If your car is revving on its own while driving or stationary, it could be a severe problem, and if it goes wrong while you’re moving, it could lead to a crash.
Get it sorted as soon as possible – as in, immediately.
A car engine revving by itself could be caused by a few things. This one will require some deep diagnosis. If you’re hoping to find the source of the problem yourself, roll up your sleeves and prepare to get greasy.
If you’re at all unsure, the best solution is to take your car to a trusted local mechanic. They will have the necessary know-how, expertise, and equipment to determine what’s wrong and the best way to fix it.
Let’s get down to it.
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What Happens When A Car “Revs”?
A car “revving” its engine is when you put your foot down on the throttle. The noise increases along with the position of the needle on your dashboard’s tachometer (rev meter).
The result is more power and speed being sent to the wheels, and therefore your vehicle travels or accelerates faster.
So, what is revving?
It’s originally a slang term, although it’s found its way into standard English. “Revving” means “to increase the engine speed.”
Engine speed is typically measured in revolutions per minute. A revolution is a complete engine cycle. You count one revolution once every cylinder has completed its power stroke, just after its spark plug fires.
Typically, gasoline cars are limited to 6,000 and 7,000 revolutions per minute (revs per minute or rpm). Diesel vehicles are designed to operate at lower revs, typically 4,000 to 5,000 rpm. Anything beyond these levels might cause damage to the engine.
When an engine revs, it’s receiving more power than it was a moment ago. This power is generated by the spark plug igniting the mixture of air and fuel in the cylinder, driving the piston downwards. Thus, there are three possible causes of a car revving on its own:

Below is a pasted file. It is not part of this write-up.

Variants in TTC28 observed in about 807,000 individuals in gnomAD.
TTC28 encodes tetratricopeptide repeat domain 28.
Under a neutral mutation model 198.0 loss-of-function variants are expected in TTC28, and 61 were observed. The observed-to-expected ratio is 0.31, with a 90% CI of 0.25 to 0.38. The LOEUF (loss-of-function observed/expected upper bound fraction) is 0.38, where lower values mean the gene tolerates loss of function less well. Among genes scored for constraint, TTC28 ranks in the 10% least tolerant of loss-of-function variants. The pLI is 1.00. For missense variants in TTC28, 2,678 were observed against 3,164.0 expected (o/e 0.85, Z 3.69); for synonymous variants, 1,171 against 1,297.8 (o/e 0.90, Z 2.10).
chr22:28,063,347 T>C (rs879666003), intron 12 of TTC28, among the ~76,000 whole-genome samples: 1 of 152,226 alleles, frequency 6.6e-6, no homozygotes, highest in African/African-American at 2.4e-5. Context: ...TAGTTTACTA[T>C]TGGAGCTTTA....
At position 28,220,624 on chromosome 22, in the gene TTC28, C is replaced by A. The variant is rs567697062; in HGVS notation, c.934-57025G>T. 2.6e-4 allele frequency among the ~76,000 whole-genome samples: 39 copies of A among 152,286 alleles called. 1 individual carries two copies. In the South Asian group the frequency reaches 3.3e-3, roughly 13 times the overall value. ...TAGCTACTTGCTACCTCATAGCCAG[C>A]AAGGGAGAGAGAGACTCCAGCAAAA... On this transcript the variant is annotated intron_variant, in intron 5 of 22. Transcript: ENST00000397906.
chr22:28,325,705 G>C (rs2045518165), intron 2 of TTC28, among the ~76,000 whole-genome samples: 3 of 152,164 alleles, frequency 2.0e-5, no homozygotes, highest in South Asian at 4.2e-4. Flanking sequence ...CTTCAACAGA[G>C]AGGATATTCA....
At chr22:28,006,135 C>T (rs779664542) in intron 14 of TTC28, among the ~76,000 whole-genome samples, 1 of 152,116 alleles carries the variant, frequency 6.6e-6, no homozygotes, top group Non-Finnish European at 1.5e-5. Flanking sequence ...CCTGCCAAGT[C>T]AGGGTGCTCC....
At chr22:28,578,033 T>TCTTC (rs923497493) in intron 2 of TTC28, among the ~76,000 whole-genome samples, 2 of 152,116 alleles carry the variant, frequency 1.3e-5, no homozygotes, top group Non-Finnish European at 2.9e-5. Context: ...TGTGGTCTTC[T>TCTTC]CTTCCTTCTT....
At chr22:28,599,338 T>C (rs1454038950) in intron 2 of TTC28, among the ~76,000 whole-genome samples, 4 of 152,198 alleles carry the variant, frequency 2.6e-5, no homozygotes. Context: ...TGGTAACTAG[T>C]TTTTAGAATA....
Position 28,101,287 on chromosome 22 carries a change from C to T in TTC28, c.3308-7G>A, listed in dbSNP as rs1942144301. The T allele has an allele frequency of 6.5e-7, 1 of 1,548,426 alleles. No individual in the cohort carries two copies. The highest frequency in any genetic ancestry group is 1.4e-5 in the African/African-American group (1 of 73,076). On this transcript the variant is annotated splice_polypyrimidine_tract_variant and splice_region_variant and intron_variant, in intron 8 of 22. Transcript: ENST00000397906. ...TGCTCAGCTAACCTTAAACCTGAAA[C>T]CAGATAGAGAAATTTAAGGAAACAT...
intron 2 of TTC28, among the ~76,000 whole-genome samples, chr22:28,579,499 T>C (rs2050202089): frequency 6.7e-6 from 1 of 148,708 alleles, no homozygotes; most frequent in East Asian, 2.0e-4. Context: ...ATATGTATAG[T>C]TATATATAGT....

- Too much air
- Too much fuel
- A Spark plug misfires, then suddenly works again
Car Revving On Its Own – Too Much Air
Air – specifically, oxygen – means substances can ignite and burn. Without it, nothing would catch fire, and the gas or diesel wouldn’t explode. Gas and air mix at about 14.7:1 to provide the optimal standard performance level.
Consider a fireplace you might have at home or watch in the movies. The heat will temporarily flare up if there’s a sudden rush of oxygen, such as pumping bellows into the logs. If there’s a sudden rush of air into the combustion chamber in a car, the same thing happens.
At certain times, this is useful, but when it happens under usual driving conditions, it’ll make the engine gain RPMs.
If a sudden surge of air and oxygen is the problem, the fault could lie with any of the following.
Throttle Body And Throttle Plate/Valve
Locate the throttle body under your car’s hood. It’ll be just on top of the air intake manifold. Don’t shy away from using the internet or vehicle manuals to locate this part.
Remove the necessary hoses so you can get access to the throttle body. In it, you’ll find a channel with a circular butterfly plate (that should be almost closed) blocking it off. This is the throttle plate (otherwise known as the throttle valve), hinged through its centreline.